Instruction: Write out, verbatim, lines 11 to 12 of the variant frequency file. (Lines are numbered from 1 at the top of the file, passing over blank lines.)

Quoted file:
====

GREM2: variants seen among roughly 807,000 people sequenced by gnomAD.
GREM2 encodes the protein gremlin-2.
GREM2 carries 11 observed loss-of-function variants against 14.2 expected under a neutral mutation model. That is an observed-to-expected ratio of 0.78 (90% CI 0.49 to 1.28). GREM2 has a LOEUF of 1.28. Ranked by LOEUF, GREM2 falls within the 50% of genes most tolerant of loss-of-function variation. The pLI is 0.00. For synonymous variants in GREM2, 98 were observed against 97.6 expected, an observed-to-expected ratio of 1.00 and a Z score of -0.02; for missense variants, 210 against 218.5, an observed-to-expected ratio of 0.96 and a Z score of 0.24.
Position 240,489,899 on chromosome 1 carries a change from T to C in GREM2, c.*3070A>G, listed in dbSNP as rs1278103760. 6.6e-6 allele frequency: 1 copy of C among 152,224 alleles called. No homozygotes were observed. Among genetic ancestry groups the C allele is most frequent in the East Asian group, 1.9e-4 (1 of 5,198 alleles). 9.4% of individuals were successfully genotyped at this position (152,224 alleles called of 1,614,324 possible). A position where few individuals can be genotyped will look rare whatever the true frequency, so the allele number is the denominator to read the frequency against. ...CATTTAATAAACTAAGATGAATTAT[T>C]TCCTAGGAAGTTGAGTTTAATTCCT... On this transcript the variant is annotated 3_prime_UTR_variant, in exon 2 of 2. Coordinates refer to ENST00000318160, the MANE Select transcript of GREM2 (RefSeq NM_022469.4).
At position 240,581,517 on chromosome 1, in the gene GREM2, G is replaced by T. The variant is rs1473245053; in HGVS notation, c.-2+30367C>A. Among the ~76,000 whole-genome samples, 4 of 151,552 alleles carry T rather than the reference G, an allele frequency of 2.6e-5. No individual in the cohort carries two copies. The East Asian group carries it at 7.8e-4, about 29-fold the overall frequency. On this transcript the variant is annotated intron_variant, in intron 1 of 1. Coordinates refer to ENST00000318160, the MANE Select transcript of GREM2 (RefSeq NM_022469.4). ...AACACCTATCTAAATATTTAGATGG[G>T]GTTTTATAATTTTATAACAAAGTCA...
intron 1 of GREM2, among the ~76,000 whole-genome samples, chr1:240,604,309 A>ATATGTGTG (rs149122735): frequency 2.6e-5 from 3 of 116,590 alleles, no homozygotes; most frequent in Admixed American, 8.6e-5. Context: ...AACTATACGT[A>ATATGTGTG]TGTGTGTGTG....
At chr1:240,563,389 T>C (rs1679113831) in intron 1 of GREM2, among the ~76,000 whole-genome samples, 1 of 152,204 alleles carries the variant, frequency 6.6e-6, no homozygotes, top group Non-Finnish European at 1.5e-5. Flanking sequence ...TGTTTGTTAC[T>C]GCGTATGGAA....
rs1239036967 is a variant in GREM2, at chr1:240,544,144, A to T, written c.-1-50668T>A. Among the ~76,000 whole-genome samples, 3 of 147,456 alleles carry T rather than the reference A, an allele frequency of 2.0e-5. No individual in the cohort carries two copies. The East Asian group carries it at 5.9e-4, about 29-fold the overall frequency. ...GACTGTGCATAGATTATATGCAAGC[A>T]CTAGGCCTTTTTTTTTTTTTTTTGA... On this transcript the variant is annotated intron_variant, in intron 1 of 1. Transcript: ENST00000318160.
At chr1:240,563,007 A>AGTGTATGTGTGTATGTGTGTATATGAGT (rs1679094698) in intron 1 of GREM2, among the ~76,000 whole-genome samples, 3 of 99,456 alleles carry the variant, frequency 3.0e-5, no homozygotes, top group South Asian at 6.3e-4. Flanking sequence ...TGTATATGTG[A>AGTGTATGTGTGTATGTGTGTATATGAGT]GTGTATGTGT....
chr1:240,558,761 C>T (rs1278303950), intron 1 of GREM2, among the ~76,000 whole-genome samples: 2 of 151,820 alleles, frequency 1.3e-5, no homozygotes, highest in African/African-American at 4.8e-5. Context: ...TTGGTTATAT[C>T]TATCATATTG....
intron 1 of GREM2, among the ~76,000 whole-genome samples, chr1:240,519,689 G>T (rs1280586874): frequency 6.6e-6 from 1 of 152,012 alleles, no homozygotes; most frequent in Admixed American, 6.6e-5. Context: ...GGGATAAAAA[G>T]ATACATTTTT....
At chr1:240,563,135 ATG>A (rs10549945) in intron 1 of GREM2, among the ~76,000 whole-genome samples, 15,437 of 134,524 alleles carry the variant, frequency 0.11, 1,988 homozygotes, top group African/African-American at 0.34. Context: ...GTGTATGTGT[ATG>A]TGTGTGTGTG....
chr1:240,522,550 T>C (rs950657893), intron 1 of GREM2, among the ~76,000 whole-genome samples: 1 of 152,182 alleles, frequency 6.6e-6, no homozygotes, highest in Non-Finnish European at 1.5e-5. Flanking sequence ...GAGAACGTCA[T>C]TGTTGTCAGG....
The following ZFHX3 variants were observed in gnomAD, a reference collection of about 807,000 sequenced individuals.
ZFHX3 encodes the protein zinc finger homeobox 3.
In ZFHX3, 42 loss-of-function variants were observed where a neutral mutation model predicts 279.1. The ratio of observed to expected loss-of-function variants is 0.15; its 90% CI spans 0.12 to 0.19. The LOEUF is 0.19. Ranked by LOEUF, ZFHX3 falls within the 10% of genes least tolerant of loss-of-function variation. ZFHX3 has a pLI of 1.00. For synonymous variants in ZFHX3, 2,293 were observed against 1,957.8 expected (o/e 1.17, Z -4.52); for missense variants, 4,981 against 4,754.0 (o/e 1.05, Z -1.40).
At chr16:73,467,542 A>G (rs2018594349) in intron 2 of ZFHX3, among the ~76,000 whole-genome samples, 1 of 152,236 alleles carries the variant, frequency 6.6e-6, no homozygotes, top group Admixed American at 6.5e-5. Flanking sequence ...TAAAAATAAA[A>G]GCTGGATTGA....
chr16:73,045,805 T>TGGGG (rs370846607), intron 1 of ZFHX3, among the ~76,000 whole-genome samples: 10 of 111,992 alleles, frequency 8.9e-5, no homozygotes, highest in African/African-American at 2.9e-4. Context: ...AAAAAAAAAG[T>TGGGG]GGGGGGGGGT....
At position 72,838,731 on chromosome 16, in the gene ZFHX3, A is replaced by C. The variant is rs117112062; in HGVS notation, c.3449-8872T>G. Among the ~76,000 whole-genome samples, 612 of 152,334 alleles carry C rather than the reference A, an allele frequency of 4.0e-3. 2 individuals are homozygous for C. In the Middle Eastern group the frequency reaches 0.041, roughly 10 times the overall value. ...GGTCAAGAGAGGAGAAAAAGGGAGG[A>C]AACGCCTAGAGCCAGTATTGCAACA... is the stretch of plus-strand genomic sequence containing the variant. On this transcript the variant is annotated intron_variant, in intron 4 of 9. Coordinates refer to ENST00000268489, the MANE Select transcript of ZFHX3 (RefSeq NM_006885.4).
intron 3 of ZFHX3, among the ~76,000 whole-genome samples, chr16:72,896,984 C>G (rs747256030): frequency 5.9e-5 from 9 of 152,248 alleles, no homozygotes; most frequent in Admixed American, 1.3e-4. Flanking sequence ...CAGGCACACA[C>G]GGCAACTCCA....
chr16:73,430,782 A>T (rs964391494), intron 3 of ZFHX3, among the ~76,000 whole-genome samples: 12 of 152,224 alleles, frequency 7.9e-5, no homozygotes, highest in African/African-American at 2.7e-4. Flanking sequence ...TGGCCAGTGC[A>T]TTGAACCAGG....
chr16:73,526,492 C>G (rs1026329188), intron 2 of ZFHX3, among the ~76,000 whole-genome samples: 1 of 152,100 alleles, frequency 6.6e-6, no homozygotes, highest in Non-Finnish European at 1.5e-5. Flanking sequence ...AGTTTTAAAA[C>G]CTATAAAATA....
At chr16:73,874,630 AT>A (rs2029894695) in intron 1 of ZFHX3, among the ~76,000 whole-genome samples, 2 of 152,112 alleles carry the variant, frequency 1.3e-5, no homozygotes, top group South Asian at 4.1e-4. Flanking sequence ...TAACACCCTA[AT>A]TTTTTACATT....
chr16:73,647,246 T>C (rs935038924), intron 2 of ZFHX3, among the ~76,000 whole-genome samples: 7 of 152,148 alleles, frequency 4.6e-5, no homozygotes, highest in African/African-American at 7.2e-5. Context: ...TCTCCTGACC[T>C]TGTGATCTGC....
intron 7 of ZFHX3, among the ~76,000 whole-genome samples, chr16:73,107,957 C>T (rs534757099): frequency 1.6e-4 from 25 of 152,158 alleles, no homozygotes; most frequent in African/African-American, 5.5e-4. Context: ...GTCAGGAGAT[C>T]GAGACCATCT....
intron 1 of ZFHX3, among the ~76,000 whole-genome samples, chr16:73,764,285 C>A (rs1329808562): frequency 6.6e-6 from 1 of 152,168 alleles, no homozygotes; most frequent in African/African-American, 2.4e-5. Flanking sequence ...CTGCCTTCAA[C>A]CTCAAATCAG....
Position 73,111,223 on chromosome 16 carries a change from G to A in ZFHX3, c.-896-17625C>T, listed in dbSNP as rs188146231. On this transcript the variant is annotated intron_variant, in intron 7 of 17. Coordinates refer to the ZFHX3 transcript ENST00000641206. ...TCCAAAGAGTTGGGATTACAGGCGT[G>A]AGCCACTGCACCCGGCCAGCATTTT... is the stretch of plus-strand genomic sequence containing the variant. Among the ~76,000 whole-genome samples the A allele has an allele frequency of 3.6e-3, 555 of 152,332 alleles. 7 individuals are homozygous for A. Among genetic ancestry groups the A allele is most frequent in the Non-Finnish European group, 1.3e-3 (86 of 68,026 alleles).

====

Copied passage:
intron 1 of GREM2, among the ~76,000 whole-genome samples, chr1:240,519,689 G>T (rs1280586874): frequency 6.6e-6 from 1 of 152,012 alleles, no homozygotes; most frequent in Admixed American, 6.6e-5. Context: ...GGGATAAAAA[G>T]ATACATTTTT....
At chr1:240,563,135 ATG>A (rs10549945) in intron 1 of GREM2, among the ~76,000 whole-genome samples, 15,437 of 134,524 alleles carry the variant, frequency 0.11, 1,988 homozygotes, top group African/African-American at 0.34. Context: ...GTGTATGTGT[ATG>A]TGTGTGTGTG....